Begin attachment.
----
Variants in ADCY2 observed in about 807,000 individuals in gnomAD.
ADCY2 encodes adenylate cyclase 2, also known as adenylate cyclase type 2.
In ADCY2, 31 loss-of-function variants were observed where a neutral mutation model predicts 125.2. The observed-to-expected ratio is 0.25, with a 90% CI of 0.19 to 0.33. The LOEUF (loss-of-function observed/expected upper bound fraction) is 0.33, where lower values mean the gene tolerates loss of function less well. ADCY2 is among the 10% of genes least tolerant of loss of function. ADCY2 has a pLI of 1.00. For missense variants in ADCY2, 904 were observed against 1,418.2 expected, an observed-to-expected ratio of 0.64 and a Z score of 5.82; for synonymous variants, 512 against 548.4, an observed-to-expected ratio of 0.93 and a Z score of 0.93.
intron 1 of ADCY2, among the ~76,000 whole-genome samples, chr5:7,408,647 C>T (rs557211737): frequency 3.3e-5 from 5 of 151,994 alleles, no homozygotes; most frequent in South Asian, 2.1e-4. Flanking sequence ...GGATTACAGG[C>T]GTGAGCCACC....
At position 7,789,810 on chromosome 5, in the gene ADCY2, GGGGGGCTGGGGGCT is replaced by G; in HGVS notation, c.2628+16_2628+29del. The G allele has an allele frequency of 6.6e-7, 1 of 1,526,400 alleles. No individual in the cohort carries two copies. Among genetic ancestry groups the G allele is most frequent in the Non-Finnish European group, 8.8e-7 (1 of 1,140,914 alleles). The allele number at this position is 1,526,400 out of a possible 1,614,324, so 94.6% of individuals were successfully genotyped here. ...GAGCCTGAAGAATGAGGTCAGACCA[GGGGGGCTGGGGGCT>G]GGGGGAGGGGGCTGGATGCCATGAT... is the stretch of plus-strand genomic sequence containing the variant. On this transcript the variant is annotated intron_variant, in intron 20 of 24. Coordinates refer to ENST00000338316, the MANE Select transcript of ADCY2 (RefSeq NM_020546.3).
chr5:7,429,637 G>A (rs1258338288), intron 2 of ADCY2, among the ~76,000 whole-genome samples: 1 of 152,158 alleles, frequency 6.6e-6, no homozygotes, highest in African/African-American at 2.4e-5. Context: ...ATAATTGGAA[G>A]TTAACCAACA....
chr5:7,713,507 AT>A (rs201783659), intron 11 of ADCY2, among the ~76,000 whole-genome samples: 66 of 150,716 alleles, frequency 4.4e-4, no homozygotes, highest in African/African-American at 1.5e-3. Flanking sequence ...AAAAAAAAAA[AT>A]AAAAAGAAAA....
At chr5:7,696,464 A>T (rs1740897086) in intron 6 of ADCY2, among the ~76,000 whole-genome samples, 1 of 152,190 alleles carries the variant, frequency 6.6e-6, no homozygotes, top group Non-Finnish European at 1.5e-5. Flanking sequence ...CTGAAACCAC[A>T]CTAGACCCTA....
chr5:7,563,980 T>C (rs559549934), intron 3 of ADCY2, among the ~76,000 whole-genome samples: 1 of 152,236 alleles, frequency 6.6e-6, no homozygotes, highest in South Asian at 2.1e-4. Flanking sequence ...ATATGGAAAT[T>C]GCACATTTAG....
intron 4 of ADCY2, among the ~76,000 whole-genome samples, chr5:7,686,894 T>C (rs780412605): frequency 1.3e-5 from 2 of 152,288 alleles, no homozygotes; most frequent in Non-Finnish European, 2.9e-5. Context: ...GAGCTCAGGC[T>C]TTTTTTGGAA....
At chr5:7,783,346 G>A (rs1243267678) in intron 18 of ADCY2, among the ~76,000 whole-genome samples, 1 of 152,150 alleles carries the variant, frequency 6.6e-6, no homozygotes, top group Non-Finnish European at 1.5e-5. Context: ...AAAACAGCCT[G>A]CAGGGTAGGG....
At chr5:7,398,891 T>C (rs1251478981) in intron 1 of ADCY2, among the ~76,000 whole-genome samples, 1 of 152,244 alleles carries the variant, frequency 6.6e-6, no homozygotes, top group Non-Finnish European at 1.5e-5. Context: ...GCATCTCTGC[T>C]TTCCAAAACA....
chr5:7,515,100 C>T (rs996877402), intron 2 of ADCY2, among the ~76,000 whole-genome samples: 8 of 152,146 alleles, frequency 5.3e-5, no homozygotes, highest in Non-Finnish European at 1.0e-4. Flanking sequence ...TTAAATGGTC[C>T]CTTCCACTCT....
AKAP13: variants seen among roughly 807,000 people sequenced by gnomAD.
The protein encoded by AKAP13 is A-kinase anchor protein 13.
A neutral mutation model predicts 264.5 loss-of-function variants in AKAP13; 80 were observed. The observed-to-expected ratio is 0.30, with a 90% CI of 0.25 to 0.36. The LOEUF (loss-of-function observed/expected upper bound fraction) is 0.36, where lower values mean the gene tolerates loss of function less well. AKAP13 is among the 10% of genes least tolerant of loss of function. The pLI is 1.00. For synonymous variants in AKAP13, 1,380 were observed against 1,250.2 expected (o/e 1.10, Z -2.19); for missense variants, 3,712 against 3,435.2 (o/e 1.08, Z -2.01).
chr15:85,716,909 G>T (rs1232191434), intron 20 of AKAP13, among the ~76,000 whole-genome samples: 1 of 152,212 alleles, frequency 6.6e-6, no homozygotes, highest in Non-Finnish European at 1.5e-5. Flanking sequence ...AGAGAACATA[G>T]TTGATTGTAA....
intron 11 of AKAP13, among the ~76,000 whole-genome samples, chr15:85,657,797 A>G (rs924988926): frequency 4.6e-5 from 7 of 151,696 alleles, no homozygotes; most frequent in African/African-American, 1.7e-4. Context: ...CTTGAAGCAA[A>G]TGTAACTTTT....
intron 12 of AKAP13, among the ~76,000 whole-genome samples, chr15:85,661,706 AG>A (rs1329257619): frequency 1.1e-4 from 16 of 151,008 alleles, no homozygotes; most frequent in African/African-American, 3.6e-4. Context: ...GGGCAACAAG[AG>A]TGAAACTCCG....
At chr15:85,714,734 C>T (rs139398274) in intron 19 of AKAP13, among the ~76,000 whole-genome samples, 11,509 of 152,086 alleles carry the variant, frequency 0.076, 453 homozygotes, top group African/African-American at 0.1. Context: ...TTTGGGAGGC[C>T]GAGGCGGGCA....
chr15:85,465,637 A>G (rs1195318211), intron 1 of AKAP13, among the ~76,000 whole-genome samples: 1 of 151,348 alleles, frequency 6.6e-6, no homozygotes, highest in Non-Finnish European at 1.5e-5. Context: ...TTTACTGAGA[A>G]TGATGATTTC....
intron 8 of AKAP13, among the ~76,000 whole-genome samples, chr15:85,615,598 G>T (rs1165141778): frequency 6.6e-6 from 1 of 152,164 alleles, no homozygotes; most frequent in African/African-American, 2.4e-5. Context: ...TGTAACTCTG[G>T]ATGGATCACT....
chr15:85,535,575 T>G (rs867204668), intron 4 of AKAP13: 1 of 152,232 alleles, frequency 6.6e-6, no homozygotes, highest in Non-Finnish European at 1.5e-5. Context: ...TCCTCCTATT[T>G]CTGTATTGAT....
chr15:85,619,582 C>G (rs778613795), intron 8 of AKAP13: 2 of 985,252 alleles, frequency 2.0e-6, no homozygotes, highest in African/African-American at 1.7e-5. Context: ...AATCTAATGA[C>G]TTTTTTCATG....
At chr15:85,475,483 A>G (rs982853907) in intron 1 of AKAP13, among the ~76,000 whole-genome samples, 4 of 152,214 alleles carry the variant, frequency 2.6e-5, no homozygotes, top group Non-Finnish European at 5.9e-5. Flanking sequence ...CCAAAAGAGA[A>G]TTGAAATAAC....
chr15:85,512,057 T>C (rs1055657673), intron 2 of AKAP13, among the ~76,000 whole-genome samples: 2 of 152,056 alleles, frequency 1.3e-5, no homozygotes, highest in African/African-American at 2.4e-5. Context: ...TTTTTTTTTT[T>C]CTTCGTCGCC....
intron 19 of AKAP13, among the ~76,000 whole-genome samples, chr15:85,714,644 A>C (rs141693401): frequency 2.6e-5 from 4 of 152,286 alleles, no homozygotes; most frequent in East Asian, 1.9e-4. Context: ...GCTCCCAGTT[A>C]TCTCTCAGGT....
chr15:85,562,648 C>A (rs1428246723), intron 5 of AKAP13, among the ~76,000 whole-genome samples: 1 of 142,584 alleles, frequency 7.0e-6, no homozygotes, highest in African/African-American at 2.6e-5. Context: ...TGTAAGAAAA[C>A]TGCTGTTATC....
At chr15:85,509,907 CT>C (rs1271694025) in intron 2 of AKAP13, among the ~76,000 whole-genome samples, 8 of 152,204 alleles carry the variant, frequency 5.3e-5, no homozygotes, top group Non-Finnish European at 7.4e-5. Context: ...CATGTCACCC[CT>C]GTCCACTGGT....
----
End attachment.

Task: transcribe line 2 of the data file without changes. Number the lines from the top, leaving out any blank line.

ADCY2 encodes adenylate cyclase 2, also known as adenylate cyclase type 2.